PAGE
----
Devin Hester Is the No. 2 Receiver Until Further Notice
Sticking with the rookie theme is the need for rookie receiver Alshon Jeffery to come in and start over Devin Hester. Thus far, Jeffery has missed as much time, as he's practiced with various lower-leg injuries.
Learning the offense is what OTAs and mini-camps are for, and Jeffery missed significant time in all three.
Speaking frankly, most rookie wide receivers always take time to develop at the NFL level. This likely means Jeffery's rookie impact could be minimal, limiting his snaps and putting all the pressure on Devin Hester to be the No. 2 receiver.
This is a role Hester is not suited for, as he's proven time and again he's at best a fourth of fifth receiving option instead of a second.
Interior Pass-Rush Problems?
Compounding the pass-rush problems is the loss of Amobi Okoye. Okoye was a strong pass rusher for the Bears in 2011, adding four sacks and 27 QBPs a mere seven less than Melton.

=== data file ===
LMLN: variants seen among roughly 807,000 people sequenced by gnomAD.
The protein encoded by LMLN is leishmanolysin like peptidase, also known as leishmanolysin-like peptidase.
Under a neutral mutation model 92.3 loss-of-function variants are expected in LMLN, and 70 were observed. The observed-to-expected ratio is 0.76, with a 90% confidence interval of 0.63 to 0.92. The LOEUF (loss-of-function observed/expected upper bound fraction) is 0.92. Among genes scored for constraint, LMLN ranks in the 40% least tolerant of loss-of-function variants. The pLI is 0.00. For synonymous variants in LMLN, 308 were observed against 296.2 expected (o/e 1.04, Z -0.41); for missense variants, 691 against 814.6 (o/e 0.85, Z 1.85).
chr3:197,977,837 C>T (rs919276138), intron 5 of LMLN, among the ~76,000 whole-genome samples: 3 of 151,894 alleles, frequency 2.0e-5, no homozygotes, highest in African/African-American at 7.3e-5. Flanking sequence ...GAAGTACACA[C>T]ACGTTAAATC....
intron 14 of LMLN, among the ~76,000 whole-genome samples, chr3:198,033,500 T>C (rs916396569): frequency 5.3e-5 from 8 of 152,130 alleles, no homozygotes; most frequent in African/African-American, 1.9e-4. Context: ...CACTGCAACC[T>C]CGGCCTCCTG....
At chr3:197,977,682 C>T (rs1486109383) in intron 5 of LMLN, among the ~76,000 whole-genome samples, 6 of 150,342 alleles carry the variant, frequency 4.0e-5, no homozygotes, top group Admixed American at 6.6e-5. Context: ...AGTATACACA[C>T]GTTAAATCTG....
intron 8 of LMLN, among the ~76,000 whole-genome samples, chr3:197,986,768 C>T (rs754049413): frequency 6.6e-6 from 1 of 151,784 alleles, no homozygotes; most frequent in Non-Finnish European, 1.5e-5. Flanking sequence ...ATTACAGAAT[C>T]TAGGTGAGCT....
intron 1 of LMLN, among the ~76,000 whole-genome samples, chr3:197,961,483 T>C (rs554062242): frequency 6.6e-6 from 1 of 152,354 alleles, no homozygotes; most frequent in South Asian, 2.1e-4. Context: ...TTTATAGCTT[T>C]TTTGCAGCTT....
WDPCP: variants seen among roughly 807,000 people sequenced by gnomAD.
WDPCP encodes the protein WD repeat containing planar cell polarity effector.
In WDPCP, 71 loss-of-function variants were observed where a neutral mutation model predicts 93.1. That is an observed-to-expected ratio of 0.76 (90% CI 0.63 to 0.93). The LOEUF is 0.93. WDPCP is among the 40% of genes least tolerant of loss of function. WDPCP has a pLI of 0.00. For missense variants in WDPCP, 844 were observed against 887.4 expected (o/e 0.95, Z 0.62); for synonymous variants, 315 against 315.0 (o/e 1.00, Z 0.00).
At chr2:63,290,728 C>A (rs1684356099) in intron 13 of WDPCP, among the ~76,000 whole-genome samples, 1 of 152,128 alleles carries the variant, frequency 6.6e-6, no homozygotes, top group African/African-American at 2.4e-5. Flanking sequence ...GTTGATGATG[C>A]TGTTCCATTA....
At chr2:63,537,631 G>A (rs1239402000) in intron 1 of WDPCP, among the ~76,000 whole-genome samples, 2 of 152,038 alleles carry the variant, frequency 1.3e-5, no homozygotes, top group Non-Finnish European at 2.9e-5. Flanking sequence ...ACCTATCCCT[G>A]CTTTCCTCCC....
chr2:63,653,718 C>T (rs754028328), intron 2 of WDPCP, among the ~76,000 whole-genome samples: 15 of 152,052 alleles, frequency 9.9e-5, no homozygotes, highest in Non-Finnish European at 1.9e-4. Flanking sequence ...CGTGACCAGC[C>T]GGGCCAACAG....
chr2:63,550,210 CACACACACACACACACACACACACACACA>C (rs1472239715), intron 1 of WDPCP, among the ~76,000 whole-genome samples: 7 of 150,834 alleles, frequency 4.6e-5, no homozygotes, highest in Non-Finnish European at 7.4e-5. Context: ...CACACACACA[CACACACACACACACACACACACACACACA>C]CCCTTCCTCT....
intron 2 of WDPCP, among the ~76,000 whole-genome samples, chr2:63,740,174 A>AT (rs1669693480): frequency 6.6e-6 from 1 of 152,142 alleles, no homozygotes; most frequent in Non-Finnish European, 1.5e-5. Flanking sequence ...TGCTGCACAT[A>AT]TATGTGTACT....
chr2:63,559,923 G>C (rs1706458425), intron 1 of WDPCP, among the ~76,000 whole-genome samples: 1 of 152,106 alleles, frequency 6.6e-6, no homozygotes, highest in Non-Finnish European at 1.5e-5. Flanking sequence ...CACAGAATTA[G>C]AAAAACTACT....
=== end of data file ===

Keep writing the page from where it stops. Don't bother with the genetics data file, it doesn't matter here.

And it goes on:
The Bears aren't likely to replace that type of pressure on the QB with any one currently on the roster from the all important three-technique defensive tackle spot. Also, in an interview on BearReport Radio, DT Israel Idonije seemed to completely shoot down any idea of sliding him back inside.
You simply can't underestimate the importance of a solid defensive tackle rotation in this defense, and right now, there's a gaping hole that may not be adequately filled.
Challenging Schedule Ahead with Three of Final Four Games on the Road
The schedule also doesn't favor the Bears much, with three of their last four games on the road. With an initial glance, I see seven games on the schedule the Bears should most definitely mark down as wins.